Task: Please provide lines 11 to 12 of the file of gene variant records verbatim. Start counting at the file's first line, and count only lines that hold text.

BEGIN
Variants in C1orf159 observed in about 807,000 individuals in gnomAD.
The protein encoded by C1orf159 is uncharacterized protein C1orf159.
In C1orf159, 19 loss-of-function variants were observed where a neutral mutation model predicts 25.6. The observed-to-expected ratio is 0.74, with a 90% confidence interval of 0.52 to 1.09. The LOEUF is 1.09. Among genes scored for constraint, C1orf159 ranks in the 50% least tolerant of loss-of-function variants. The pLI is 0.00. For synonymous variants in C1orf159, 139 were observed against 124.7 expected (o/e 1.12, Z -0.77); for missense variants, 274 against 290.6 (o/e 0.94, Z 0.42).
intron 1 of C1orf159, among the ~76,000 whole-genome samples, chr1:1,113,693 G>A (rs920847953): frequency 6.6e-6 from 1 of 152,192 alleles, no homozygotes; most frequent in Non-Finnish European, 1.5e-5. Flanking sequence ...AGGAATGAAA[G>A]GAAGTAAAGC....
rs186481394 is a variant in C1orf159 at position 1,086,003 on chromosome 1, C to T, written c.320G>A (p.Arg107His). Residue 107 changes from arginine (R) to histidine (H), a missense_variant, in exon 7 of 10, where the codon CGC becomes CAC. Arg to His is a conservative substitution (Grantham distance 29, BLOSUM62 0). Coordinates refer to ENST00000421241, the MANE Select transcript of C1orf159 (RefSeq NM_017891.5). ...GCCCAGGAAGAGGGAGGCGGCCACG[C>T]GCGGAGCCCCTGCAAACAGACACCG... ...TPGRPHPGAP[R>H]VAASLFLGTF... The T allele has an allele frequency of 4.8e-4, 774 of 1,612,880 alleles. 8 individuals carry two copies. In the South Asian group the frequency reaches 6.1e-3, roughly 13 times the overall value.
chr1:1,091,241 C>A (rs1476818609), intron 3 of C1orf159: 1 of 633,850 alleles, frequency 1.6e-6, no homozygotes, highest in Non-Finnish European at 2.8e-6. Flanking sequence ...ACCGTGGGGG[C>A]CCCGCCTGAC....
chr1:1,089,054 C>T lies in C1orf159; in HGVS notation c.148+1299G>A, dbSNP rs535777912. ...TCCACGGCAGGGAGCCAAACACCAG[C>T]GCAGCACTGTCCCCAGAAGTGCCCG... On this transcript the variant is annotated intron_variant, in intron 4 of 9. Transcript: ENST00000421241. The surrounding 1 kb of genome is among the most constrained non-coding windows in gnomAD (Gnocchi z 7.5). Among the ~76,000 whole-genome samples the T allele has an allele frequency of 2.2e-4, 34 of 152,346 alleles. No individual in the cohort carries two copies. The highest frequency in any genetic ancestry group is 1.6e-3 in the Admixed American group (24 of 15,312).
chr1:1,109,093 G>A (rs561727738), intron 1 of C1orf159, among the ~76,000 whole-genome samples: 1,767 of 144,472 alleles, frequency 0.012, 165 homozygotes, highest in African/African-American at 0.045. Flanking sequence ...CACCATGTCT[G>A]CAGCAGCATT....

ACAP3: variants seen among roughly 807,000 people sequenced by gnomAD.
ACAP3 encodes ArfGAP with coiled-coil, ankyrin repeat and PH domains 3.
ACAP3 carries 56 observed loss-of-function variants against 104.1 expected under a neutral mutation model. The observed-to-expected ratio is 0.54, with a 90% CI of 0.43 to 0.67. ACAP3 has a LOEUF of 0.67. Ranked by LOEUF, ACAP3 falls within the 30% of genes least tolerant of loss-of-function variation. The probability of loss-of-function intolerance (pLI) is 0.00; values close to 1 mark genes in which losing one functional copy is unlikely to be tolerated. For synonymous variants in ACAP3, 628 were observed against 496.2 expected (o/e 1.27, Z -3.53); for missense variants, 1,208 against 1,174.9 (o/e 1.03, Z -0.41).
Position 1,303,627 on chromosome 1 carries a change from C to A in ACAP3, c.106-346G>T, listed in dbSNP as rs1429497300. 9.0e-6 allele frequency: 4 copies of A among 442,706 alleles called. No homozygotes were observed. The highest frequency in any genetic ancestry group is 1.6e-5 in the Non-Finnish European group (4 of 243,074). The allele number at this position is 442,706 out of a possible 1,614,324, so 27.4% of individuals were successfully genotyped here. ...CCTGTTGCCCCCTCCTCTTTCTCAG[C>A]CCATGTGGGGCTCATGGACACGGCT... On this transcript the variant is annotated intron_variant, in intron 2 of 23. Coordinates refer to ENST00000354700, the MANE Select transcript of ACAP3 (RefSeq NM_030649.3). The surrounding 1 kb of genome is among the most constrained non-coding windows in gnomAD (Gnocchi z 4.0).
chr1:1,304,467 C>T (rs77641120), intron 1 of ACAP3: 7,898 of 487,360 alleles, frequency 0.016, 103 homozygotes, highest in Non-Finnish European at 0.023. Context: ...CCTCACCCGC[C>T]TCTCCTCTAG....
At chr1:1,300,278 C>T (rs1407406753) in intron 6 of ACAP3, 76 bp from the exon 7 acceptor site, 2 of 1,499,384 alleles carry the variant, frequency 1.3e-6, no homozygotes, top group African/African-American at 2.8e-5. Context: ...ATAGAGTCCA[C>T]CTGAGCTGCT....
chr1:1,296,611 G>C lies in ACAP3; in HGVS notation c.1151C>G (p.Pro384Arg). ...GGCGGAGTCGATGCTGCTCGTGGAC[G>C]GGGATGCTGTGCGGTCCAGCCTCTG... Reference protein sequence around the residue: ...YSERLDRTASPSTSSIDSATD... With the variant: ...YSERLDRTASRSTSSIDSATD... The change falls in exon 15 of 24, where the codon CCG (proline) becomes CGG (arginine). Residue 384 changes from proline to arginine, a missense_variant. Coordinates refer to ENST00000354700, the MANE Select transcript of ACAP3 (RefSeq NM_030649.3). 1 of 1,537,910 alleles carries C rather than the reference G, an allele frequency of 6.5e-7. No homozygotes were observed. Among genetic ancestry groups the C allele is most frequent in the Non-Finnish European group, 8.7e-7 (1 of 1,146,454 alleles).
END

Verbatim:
ACAP3 carries 56 observed loss-of-function variants against 104.1 expected under a neutral mutation model. The observed-to-expected ratio is 0.54, with a 90% CI of 0.43 to 0.67. ACAP3 has a LOEUF of 0.67. Ranked by LOEUF, ACAP3 falls within the 30% of genes least tolerant of loss-of-function variation. The probability of loss-of-function intolerance (pLI) is 0.00; values close to 1 mark genes in which losing one functional copy is unlikely to be tolerated. For synonymous variants in ACAP3, 628 were observed against 496.2 expected (o/e 1.27, Z -3.53); for missense variants, 1,208 against 1,174.9 (o/e 1.03, Z -0.41).
Position 1,303,627 on chromosome 1 carries a change from C to A in ACAP3, c.106-346G>T, listed in dbSNP as rs1429497300. 9.0e-6 allele frequency: 4 copies of A among 442,706 alleles called. No homozygotes were observed. The highest frequency in any genetic ancestry group is 1.6e-5 in the Non-Finnish European group (4 of 243,074). The allele number at this position is 442,706 out of a possible 1,614,324, so 27.4% of individuals were successfully genotyped here. ...CCTGTTGCCCCCTCCTCTTTCTCAG[C>A]CCATGTGGGGCTCATGGACACGGCT... On this transcript the variant is annotated intron_variant, in intron 2 of 23. Coordinates refer to ENST00000354700, the MANE Select transcript of ACAP3 (RefSeq NM_030649.3). The surrounding 1 kb of genome is among the most constrained non-coding windows in gnomAD (Gnocchi z 4.0).